Selected radio stories
WPLN News | For Young Middle Tennessee Students, The Solar Eclipse May Become Their Earliest Memory In School
When the eclipse hit totality, first-graders took their glasses off and began to cheer at the moon. Winner of a 2018 regional Edward R. Murrrow for Excellence in Sound.
WPLN News | Investigation: Delays And Confusion Before Flood Death At Cummins Falls State Park
Why was a long-promised flood warning system not in place when a toddler was swept away? This investigation led to the state installing the system. Winner of a 2020 Tennessee Associated Press award for continuing coverage.
Marketplace (APM) | Tobacco Farmers See Green In indigo
Tobacco is still the biggest cash crop in many Tennessee farmers’ fields. But some are experimenting with a new, cleaner alternative: organic indigo.
Weekend Edition (NPR) | At The ‘Super Bowl Of Turkey Calling,’ The Goal Is Recruiting New Hunters
Turkey calling contests are more than cacophonous spectacles. Winner of a 2020 regional Edward R. Murrow award for Excellence in Sound.
All Things Considered (NPR) | Even When College Is Free, It Can Be Hard For Adults To Stay In School
With no tuition, taking the plunge to enroll seems remarkably easy for adults in Tennessee. But persisting through the other barriers are just as hard as ever.
Weekend Edition (NPR) | Restaurant Sets An Empty Table For Chattanooga Shooting Victims
The day after a gunman kills five people in Chattanooga, friends and strangers grieve together in an unusual place. Winner of a 2016 PRNDI award for nationally edited breaking news.
WPLN News | After Years Of Division, Nashville’s Ethiopian Churches Gather To Mark Reconciliation
How political rifts 12,000 miles away affects a community’s religious practices at home.
WPLN News | Indie Classical Music? It Exists, And One Nashville Tech Startup Is Trying To Save It
A now-defunct software startup tried to make it easier for classical musicians to share their work. Winner of a 2016 regional Edward R. Murrow for Excellence in Writing.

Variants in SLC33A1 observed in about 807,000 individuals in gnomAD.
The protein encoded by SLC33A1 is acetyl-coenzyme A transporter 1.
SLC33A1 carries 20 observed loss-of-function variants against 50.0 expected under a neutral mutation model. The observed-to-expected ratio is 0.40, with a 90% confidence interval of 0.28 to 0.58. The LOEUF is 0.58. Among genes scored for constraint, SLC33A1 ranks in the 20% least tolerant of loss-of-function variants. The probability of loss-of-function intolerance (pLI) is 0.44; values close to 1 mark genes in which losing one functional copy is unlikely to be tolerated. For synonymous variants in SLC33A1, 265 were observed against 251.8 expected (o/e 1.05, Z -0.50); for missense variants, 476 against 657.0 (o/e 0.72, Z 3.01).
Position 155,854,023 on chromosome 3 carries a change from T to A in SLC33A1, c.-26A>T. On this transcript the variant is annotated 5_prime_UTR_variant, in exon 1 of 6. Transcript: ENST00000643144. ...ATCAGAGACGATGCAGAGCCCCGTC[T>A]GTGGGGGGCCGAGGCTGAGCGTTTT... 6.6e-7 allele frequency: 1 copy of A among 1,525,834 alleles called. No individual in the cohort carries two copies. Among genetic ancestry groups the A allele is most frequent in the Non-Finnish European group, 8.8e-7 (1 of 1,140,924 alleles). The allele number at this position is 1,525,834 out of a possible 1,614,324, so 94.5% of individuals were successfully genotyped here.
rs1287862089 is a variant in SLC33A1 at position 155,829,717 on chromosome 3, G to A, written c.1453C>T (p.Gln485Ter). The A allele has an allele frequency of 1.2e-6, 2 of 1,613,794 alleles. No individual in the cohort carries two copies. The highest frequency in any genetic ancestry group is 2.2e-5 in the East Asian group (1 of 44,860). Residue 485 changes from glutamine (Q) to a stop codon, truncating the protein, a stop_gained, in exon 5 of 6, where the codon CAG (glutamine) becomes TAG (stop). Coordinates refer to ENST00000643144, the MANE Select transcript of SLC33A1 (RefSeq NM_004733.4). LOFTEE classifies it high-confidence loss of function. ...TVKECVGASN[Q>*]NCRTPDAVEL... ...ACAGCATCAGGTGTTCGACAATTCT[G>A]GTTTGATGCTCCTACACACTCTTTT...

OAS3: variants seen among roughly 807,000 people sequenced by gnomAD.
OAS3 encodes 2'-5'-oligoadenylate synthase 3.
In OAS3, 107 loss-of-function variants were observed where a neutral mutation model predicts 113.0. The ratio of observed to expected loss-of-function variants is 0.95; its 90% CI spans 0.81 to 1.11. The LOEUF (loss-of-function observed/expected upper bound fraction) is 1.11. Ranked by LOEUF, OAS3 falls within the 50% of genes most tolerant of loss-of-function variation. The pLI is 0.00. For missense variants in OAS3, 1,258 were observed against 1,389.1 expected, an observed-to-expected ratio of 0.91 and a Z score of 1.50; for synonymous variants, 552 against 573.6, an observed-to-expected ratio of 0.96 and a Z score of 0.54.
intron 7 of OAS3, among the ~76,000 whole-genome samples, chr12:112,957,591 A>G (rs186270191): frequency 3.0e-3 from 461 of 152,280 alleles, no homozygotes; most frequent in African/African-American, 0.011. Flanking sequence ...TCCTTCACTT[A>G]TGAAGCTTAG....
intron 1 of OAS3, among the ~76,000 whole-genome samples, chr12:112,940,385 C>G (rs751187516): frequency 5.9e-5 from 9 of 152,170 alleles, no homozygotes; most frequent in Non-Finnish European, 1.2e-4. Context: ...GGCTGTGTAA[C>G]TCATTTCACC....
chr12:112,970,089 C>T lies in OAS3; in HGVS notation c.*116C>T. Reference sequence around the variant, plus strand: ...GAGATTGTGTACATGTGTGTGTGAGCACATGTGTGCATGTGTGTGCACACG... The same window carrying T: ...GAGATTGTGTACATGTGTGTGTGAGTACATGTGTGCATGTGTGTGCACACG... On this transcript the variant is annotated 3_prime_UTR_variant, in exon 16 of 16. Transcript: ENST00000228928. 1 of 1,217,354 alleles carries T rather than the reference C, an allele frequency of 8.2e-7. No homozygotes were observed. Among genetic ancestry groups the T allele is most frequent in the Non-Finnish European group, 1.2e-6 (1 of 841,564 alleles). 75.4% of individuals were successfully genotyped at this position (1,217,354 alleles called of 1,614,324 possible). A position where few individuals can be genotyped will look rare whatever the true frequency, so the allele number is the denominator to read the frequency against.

Morning Edition (NPR) | Overcrowding Forces Tennessee VA Clinic To Stop Accepting New Patients
The result of five months of reporting, sifting through data, and tracking down veterans and officials shows that the VA’s clinic in Clarksville is at the center of a perfect storm.
The Pulse (WHYY) | Discovering new diseases on a diagnostic odyssey
For people with genetic diseases so rare that they don’t even have a name, this might be their last hope.
WPLN News | For Charlotte Avenue’s Auto Shops, A Choice Between Continuing On And Cashing Out
To understand Nashville’s rapid development, drive down one of the city’s main corridors, where longtime family businesses are making emotional — but often lucrative — decisions.
Selected print and online-only stories
NPR.org | Tornado Victims Find Snapshots Of Solace In Far-Flung Photos
After a devastating tornado hit rural Illinois, residents who lost almost every other possession begin seeing their family photos on Facebook.
NPR.org | If You’ve Ignored Bitcoin Up Until Now, This One’s For You
A Bitcoin explainer geared toward readers who don’t know where to start.
NPR.org | Alleged Perils Of Left-Handedness Don’t Always Hold Up
Some of the work on lefties, while intriguing, falls far short of being conclusive.
(Champaign, Ill.) News-Gazette | Longtime local rabbi remains forever grateful for ‘sparks of holiness’
A 90-year-old Holocaust survivor considers his faith in humanity. Published in Slices of Life, an anthology of literary feature writing edited by Walt Harrington.
Washington Post | Breast cancer survivors forge bond through dragon boat racing
A team of women on the Anacostia River find a way to take control of their bodies again.